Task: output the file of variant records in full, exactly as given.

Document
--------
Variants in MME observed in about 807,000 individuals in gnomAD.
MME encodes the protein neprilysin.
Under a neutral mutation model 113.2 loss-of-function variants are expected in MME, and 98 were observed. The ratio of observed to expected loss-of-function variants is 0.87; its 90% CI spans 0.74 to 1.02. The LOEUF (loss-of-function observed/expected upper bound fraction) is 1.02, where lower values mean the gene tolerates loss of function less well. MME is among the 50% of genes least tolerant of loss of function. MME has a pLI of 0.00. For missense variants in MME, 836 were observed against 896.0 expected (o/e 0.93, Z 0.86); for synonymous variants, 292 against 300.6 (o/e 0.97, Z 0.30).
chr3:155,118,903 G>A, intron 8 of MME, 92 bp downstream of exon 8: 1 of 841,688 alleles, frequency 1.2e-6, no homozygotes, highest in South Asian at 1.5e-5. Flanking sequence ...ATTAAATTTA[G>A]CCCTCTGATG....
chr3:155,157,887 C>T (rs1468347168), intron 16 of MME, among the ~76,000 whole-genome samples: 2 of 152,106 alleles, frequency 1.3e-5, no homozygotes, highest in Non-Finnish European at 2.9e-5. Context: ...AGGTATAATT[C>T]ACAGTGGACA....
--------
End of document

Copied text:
Variants in MME observed in about 807,000 individuals in gnomAD.
MME encodes the protein neprilysin.
Under a neutral mutation model 113.2 loss-of-function variants are expected in MME, and 98 were observed. The ratio of observed to expected loss-of-function variants is 0.87; its 90% CI spans 0.74 to 1.02. The LOEUF (loss-of-function observed/expected upper bound fraction) is 1.02, where lower values mean the gene tolerates loss of function less well. MME is among the 50% of genes least tolerant of loss of function. MME has a pLI of 0.00. For missense variants in MME, 836 were observed against 896.0 expected (o/e 0.93, Z 0.86); for synonymous variants, 292 against 300.6 (o/e 0.97, Z 0.30).
chr3:155,118,903 G>A, intron 8 of MME, 92 bp downstream of exon 8: 1 of 841,688 alleles, frequency 1.2e-6, no homozygotes, highest in South Asian at 1.5e-5. Flanking sequence ...ATTAAATTTA[G>A]CCCTCTGATG....
chr3:155,157,887 C>T (rs1468347168), intron 16 of MME, among the ~76,000 whole-genome samples: 2 of 152,106 alleles, frequency 1.3e-5, no homozygotes, highest in Non-Finnish European at 2.9e-5. Context: ...AGGTATAATT[C>T]ACAGTGGACA....